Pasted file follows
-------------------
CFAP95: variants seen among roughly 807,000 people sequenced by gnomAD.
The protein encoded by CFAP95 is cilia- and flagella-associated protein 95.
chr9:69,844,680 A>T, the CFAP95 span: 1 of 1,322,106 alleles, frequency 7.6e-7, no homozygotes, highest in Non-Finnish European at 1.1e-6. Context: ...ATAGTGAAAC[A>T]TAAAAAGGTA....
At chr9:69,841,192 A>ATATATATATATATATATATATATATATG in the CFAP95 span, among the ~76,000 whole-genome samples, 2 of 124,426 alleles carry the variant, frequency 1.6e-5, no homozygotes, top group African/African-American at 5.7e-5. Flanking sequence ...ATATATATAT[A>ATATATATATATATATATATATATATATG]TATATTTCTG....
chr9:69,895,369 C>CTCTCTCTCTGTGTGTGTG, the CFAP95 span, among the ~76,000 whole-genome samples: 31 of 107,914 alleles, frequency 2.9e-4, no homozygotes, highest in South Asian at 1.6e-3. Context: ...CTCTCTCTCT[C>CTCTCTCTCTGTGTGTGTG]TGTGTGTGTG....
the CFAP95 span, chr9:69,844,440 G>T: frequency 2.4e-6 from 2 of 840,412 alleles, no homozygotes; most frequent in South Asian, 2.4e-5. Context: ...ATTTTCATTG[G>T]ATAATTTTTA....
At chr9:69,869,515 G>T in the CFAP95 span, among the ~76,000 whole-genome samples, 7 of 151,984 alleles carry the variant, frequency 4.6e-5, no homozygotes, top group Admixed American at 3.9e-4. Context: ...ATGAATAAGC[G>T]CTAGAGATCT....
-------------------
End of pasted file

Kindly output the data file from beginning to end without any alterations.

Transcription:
CFAP95: variants seen among roughly 807,000 people sequenced by gnomAD.
The protein encoded by CFAP95 is cilia- and flagella-associated protein 95.
chr9:69,844,680 A>T, the CFAP95 span: 1 of 1,322,106 alleles, frequency 7.6e-7, no homozygotes, highest in Non-Finnish European at 1.1e-6. Context: ...ATAGTGAAAC[A>T]TAAAAAGGTA....
At chr9:69,841,192 A>ATATATATATATATATATATATATATATG in the CFAP95 span, among the ~76,000 whole-genome samples, 2 of 124,426 alleles carry the variant, frequency 1.6e-5, no homozygotes, top group African/African-American at 5.7e-5. Flanking sequence ...ATATATATAT[A>ATATATATATATATATATATATATATATG]TATATTTCTG....
chr9:69,895,369 C>CTCTCTCTCTGTGTGTGTG, the CFAP95 span, among the ~76,000 whole-genome samples: 31 of 107,914 alleles, frequency 2.9e-4, no homozygotes, highest in South Asian at 1.6e-3. Context: ...CTCTCTCTCT[C>CTCTCTCTCTGTGTGTGTG]TGTGTGTGTG....
the CFAP95 span, chr9:69,844,440 G>T: frequency 2.4e-6 from 2 of 840,412 alleles, no homozygotes; most frequent in South Asian, 2.4e-5. Context: ...ATTTTCATTG[G>T]ATAATTTTTA....
At chr9:69,869,515 G>T in the CFAP95 span, among the ~76,000 whole-genome samples, 7 of 151,984 alleles carry the variant, frequency 4.6e-5, no homozygotes, top group Admixed American at 3.9e-4. Context: ...ATGAATAAGC[G>T]CTAGAGATCT....